Join Jeff Toister for an in-depth discussion in this video Helping the customer be right, part of Working with Upset Customers.
- You've probably heard the saying The customer is always right. When I wrote my book Service Failure, I did some research to find out who originally said that. Like many customer service professionals, this saying has always bothered me a bit because the truth is that the customer is not always right. My research led to an interesting discovery. I couldn't find anyone who had originally said that statement. What I did find were two variations that made a lot more sense. The first one came from the legendary hotelier César Ritz.
He said, The customer is never wrong. Ritz meant that even when the customer is wrong, you don't argue with them. You just find a way to make things better. The second quote came from the famous retailer Marshall Field. He said, Right or wrong, the customer is always right. Field acknowledges that the customer might be wrong, but it's our job to help them be right. If we go back to the coffee shop scene, you'll see that the barista makes things worse by trying to make the customer be wrong.
- It's not my fault your drink got screwed up last time. I wasn't even here two days ago so. - Whatever, you're here today. Four pumps of vanilla, how hard can that be? - Let's take a look. Yeah, pretty sure I put four pumps in here. (hollow sniffing sound) Definitely a lot of vanilla in this. - Well, there's not enough vanilla. - Well, if you wanted more vanilla, you should've just asked for more pumps. Yeah, I can put more in here, but there's definitely four pumps of vanilla in this.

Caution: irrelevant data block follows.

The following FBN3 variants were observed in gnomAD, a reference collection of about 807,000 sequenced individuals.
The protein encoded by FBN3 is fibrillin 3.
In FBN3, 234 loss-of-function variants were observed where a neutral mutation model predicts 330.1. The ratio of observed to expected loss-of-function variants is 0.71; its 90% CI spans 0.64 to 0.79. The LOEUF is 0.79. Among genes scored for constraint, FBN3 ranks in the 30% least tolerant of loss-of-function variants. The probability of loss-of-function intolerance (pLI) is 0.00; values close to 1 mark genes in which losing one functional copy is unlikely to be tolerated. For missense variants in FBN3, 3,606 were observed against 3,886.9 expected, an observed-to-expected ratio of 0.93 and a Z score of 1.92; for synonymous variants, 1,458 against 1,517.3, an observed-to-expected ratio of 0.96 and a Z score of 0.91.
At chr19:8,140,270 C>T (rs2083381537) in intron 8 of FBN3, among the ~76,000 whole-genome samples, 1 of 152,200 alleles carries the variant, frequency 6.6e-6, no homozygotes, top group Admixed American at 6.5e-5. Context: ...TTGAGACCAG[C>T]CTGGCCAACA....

- So did the barista put in four pumps of vanilla just like the customer asked? It really doesn't matter. What's important is the drink wasn't made to the customer's liking. Avoiding an argument in situations like this can be difficult. The barista might feel like he's under attack and his fight or flight instinct kicks in. Perhaps he really did put in four pumps of vanilla and he feels like the customer's being mean or unfair. Or maybe he didn't add four pumps and he feels embarrassed that the customer's loudly announcing his mistake. Whatever the emotions, arguing with the customer makes things worse.
Let's see what happens when the barista refocuses his attention on helping the customer be right. - Yeah, I just don't understand why this keeps happening. Like four pumps of vanilla, how hard can that be? - (chuckle) Yeah, I know, I completely understand. I'm actually a peppermint person myself, can't get enough of it. - Mm-hm. - This was a vanilla latte, right? - Yeah, non-fat. - Okay, you hang onto this one. I'm gonna make a new one that way we can do a little taste test afterwards and make sure I get it right. Cool? - Okay. - Okay, this time the barista took the emotional edge off the conversation by helping the customer be right.
He avoided an argument and refocused on making sure the customer's vanilla latte had enough vanilla. These same principles apply to written communication, especially when that communication is public. Arguing with a customer over a negative Yelp review or a critical Tweet won't make your company look any better. In fact, it might even scare away other potential customers. When responding to an angry customer in writing, remind yourself that the focus is helping them become right even if they start out wrong.
Regardless of who's at fault, helping customers be right is a great way to demonstrate empathy, avoid arguments, and ultimately make your customers feel better.
- Listening with empathy
- Helping the customer be right
- Preserving the relationship
- Learning from angry customers
- Passing along complaints
- Replacing trigger words